The idea that a business traveler would someday carry his or her desktop and applications on a small device has been around for well over a decade. Of course, back then, small was brick-size, and the notion was that the user would then be able to plug this device into a screen, keyboard, and mouse wherever they landed.
The concept was considered daring because it was making the outrageous assumption that computing devices were going to get small enough for a user to carry them comfortably while remaining powerful enough to hold and process megabytes of data.
[ For a look at the best mobile apps for the iPhone, see "iPhone applications get down to business." ]
Of course, the idea that there would need to be a screen and keyboard awaiting them at each stopping point was testament to the fact that folks couldn't foresee that these tools could be miniaturized as well.
Today, the idea is a reality, but it is no longer the size of a brick. Furthermore, remote connection back to corporate applications -- a concept never even considered at that time -- makes this new reality even better. This device is now called a smartphone.
But what of the problem of a decent-size screen and keyboard without which applications on a smartphone are quite impractical? At last there appears to be a solution. Our traveler can now carry around his or her own screen and keyboard. And if you guessed netbook, you're wrong!
The name of the device is RedFly by Celio, and it comes with a 7- or 8-inch screen, an 8.3-inch keyboard, two USB ports, Bluetooth, and 8 to 10 hours of battery life that, when connected, actually charges your smartphone while you work.
All RedFly does is duplicate what is on your cell phone. It has no application processor, operating system, or storage. There is a small kernel OS, on a Xilinx chip, that enables RedFly to establish a connection with the cell phone and then port the video from the smartphone over to its screen. But there is no need to synchronize data or duplicate applications.
The display is not derived from screen scraping. The display is enlarged to 800 by 480 pixels from the typical 2-by-2-inch smartphone image using compression technologies that enable RedFly to take hundreds of megabytes of data and pass it over either a 800Kbps Bluetooth pipe or a 2Mbps to 3Mbps USB connector. In turn, the USB connection can be used to plug in a thumb drive that will show up on your cell as another drive.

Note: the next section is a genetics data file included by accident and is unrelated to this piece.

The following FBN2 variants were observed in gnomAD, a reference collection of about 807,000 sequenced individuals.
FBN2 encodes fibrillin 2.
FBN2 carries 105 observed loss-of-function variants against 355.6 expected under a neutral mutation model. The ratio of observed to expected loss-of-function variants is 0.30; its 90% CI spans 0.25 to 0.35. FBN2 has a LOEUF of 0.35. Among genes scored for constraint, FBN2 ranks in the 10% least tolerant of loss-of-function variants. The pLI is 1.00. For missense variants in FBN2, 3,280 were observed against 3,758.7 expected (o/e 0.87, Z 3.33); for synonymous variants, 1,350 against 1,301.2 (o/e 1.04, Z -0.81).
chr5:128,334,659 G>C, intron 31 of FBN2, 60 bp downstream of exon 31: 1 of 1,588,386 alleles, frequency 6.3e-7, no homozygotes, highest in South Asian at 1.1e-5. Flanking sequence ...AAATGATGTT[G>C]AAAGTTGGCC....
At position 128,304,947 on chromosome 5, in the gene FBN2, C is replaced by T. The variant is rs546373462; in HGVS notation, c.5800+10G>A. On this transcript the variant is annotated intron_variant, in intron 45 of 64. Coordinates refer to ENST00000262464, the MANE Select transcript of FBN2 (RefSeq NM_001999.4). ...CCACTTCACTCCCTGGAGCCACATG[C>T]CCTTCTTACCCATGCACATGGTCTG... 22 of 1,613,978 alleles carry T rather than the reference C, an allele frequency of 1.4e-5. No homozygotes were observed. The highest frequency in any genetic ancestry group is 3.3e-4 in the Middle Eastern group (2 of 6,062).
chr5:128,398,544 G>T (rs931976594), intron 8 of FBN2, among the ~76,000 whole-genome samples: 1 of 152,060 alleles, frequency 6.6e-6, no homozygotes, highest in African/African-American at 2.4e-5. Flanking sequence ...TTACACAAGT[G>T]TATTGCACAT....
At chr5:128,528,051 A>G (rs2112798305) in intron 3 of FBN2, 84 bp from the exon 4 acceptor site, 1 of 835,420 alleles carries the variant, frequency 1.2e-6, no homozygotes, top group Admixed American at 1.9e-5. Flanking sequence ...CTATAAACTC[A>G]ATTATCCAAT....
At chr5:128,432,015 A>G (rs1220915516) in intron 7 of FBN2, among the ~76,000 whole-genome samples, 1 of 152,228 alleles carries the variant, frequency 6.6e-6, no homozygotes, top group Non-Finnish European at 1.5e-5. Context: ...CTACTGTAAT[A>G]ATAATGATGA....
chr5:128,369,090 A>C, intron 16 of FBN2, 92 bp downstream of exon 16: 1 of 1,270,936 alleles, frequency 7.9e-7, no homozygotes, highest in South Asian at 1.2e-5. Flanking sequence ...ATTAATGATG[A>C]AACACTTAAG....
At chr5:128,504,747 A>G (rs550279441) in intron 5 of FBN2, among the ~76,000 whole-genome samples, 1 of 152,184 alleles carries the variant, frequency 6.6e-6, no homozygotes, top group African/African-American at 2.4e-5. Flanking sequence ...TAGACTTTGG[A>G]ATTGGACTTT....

It currently works with Windows Mobile, but at CES, Celio unveiled an Android prototype, and we can expect to see support for other OSes roll out over the coming months.
Two models are on offer: the $199 Model C7, with a 7-inch screen; and the $299 Model C8N, with an 8-inch screen, media port, and NTSC/PAL external video.
What is still in development is the ability to take some video formats from the smartphone over to the device. But that is coming, too, Kirt Bailey, CEO and president of Celio, tells me.
Bailey believes that the smartphone will become the ubiquitous mobile computing platform, not a notebook or netbook. And of course, if that happens, he believes RedFly will grow right along with it.
There are some stats that seem to substantiate Bailey's optimism. Currently smartphones are outselling notebooks by about 1.5 times. And for all of the reasons we already know, such as Moore's Law, increasing memory capacity on smartphones, the decreasing cost of flash, and technology such as Microsoft RDP (Remote Desktop Protocol) for terminal services, and Citrix XenApp and XenDesktop already running on smartphones, it makes sense.
XenDesktop and XenApps client and server software gives remote users access to all Windows and Mac applications on a cell.
Bailey sees other areas of growth beyond smartphones. For example, a small RedFly ASIC (Application Specific Integrated Circuit) integrated into your car could talk to your cell phone, allowing you to use the phone GPS system for navigation and to put up a travel map, plus contacts and calendar, on the auto LCD, all while using an interface you're familiar with: your own cell phone.
It also has a cost advantage over a netbook, which requires a company to budget in an additional $70 for each employee for a 3G data card. Your company is already paying that for the cell phone, and no one is going to give up their cell phone even if they have a netbook, but the reverse may prove to be true.
At some point, if Bailey is right he may attract competitors, but at the moment, I could find none. The closest thing is a software utility from MotionApps called mDesktop. It puts smartphone functions on a desktop screen.
In one sense, the success of RedFly depends more on the current and future capabilities of the cell phone than on the business smarts at Celio. If the cell phone becomes the single most important computing device for remote users, then of course RedFly goes along for the ride.
But if looked at from the other side, RedFly is not a passive participant. Rather, RedFly is the device that will allow a cell phone to become a business user's single most important mobile computing device.